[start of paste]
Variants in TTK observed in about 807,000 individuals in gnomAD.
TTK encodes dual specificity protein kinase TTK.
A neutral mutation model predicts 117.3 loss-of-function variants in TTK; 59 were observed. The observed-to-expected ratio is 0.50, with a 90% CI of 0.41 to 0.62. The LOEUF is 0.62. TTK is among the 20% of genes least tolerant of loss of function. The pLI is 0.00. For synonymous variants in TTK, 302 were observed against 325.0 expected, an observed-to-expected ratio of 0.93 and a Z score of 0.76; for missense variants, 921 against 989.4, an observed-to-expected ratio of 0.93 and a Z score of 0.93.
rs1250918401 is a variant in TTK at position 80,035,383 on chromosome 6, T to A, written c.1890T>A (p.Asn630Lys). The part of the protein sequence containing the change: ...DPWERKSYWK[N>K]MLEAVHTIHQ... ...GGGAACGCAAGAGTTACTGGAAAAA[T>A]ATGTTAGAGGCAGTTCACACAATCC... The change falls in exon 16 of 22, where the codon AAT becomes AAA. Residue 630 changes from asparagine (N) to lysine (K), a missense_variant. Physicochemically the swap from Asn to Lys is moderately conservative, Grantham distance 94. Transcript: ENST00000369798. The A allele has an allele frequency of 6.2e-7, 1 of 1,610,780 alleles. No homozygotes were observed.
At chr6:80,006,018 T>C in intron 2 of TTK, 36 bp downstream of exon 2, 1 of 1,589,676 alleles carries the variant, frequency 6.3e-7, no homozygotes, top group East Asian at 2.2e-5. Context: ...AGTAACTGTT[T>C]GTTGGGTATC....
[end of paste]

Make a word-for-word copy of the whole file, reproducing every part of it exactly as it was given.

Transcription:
Variants in TTK observed in about 807,000 individuals in gnomAD.
TTK encodes dual specificity protein kinase TTK.
A neutral mutation model predicts 117.3 loss-of-function variants in TTK; 59 were observed. The observed-to-expected ratio is 0.50, with a 90% CI of 0.41 to 0.62. The LOEUF is 0.62. TTK is among the 20% of genes least tolerant of loss of function. The pLI is 0.00. For synonymous variants in TTK, 302 were observed against 325.0 expected, an observed-to-expected ratio of 0.93 and a Z score of 0.76; for missense variants, 921 against 989.4, an observed-to-expected ratio of 0.93 and a Z score of 0.93.
rs1250918401 is a variant in TTK at position 80,035,383 on chromosome 6, T to A, written c.1890T>A (p.Asn630Lys). The part of the protein sequence containing the change: ...DPWERKSYWK[N>K]MLEAVHTIHQ... ...GGGAACGCAAGAGTTACTGGAAAAA[T>A]ATGTTAGAGGCAGTTCACACAATCC... The change falls in exon 16 of 22, where the codon AAT becomes AAA. Residue 630 changes from asparagine (N) to lysine (K), a missense_variant. Physicochemically the swap from Asn to Lys is moderately conservative, Grantham distance 94. Transcript: ENST00000369798. The A allele has an allele frequency of 6.2e-7, 1 of 1,610,780 alleles. No homozygotes were observed.
At chr6:80,006,018 T>C in intron 2 of TTK, 36 bp downstream of exon 2, 1 of 1,589,676 alleles carries the variant, frequency 6.3e-7, no homozygotes, top group East Asian at 2.2e-5. Context: ...AGTAACTGTT[T>C]GTTGGGTATC....